“Maintenance” for me means fixing bugs and adding new features which my customers have requested. I do not have the time to constantly refactor working code with each new release of PHP just because the core developers think that it’s “time for a change”.

I should point out that since PHP 5 was released the only new feature which I have adopted is the set of date manipulation classes. All those “improvements” to OO I have dismissed as useless window dressing.

You may have a small application and a large pool of developers with time on their hands but others do not. Time can be allocated to fix bugs and deal with changes in requirements as the costs for this time can reasonably be passed on to the customers, but taking time to make the code look pretty is time that cannot be charged to the customers, therefore cannot be justified.

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There is a big difference between voluntarily migrating to a new language (which I have done 3 times in my long career) and having your existing language changed under your feet without your approval.

I still would have questioned the need for such a change which did not fi any problem but which instead created them.

Are you aware for example that shortly after PHP 5 came out some over-eager core developer decided to remove support for the “var” keyword with the justification that developers should be using “public/private/protected” instead? He was quickly shot down as this was considered to be too much of a BC break for too little benefit to anybody.

Not at all. I changed my framework to allow the use of either the original or the improved extension for MySQL as soon as I had upgraded to MySQL 4.1 and the “improved” extension became available. My code will use the new extension if it has been loaded, but fall back to the old one if it has not. I did not wait until the old extension was marked as deprecated before I made that decision because there were genuine reasons to use the new extension. There are NO such genuine reasons for removing PHP 4 constructors.

What’s the problem with the return types feature?

  1. return an example type, e.g.,
    return 0; //int return “”; string return ;//array , return “True || False”; (recognizing that True or False evalutate to an int 1 or 0) and so on.
  2. dual purpose the ‘as’ keyword and a string representation of the type, e.g.,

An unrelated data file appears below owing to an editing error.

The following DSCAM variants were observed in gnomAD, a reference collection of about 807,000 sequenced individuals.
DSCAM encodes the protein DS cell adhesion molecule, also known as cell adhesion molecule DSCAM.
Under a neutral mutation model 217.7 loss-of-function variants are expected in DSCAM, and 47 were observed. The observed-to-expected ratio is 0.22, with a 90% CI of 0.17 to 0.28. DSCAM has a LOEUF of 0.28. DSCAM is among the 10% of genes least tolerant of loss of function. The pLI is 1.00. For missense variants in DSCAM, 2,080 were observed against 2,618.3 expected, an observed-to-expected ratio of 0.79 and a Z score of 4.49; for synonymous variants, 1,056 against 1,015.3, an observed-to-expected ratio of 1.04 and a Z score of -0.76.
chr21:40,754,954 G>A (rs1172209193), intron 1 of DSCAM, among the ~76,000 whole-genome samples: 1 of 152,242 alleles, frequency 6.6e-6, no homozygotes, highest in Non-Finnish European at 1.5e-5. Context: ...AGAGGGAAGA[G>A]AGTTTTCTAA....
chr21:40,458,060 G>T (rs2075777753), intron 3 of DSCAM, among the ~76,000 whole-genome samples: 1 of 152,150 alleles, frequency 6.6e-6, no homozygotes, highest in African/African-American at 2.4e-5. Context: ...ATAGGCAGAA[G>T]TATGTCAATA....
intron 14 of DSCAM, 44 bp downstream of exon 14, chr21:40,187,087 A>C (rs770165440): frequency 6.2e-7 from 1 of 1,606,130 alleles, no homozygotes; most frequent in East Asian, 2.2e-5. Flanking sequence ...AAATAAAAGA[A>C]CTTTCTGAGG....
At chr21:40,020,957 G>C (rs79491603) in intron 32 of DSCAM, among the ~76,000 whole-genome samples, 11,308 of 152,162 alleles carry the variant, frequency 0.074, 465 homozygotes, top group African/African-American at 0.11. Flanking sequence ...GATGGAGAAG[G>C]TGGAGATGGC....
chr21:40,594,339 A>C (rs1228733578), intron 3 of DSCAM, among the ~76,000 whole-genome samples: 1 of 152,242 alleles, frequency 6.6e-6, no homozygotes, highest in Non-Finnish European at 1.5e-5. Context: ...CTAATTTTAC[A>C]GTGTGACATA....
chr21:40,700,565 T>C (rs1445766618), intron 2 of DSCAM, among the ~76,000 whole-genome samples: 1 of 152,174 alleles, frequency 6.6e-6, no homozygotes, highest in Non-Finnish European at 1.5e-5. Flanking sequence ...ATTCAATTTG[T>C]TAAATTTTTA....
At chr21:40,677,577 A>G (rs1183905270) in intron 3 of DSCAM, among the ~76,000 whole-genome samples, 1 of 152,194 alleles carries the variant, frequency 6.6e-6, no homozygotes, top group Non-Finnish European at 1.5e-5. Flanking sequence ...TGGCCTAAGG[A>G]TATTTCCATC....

return as “int”; return as “string”; return as “bool”; return as “array”; return as “array” “iterator”; OR return as “array iterator”; or as a shorthand to returning a string, return as “”;
  3. create a “type” keyword just for this.
    return type “int”; return type “bool”; return type “string”; return type “array”; OR the specific return type “array” “iterator”, and so on…
    With strings, a lot can be accomplished, solved. Good Luck.

On return types, it seems a bit remiss to just typehint and return typehint “array”. Shouldn’t we be have : int or : Object arrays being type hinted?

If the RFC was to suggest that, you can be sure it wouldn’t have passed, and thus we would not have ANY type hints.

There was a separate RFC about collection type hints (parameter type hints; but it would’ve applied to return ones, had it passed). It seems it’s been removed, as I can’t find it in the current list of RFCs.

If I remember correctly, the biggest discussion that stood in its way was about NULL as a value. On one side, you have people who believe NULL should not be allowed by this type hint by default, or be in any way doable, while on other you had others who thought (I can imagine for ease of implementation reasons…) believe NULL should be allowed, and some who even proposed it should be so by default when using this type hint. In my personal opinion, those type hints should behave same as today - not allow NULL by default, unless null is specified as a default value.

I don’t understand this; do sites just suddenly stop working when a new version is released? Is every version of PHP going to suddenly upgrade to 7 when it comes out? Am I missing something, or aren’t there plenty of hosts still running PHP 5.3? Any developer who is using PHP4 constructors has a long time to get that fixed before 5.6 is EOL’d, and if the current method of using them can cause conflicts, I’m not sure what the downside is here besides a principled stand against things changing.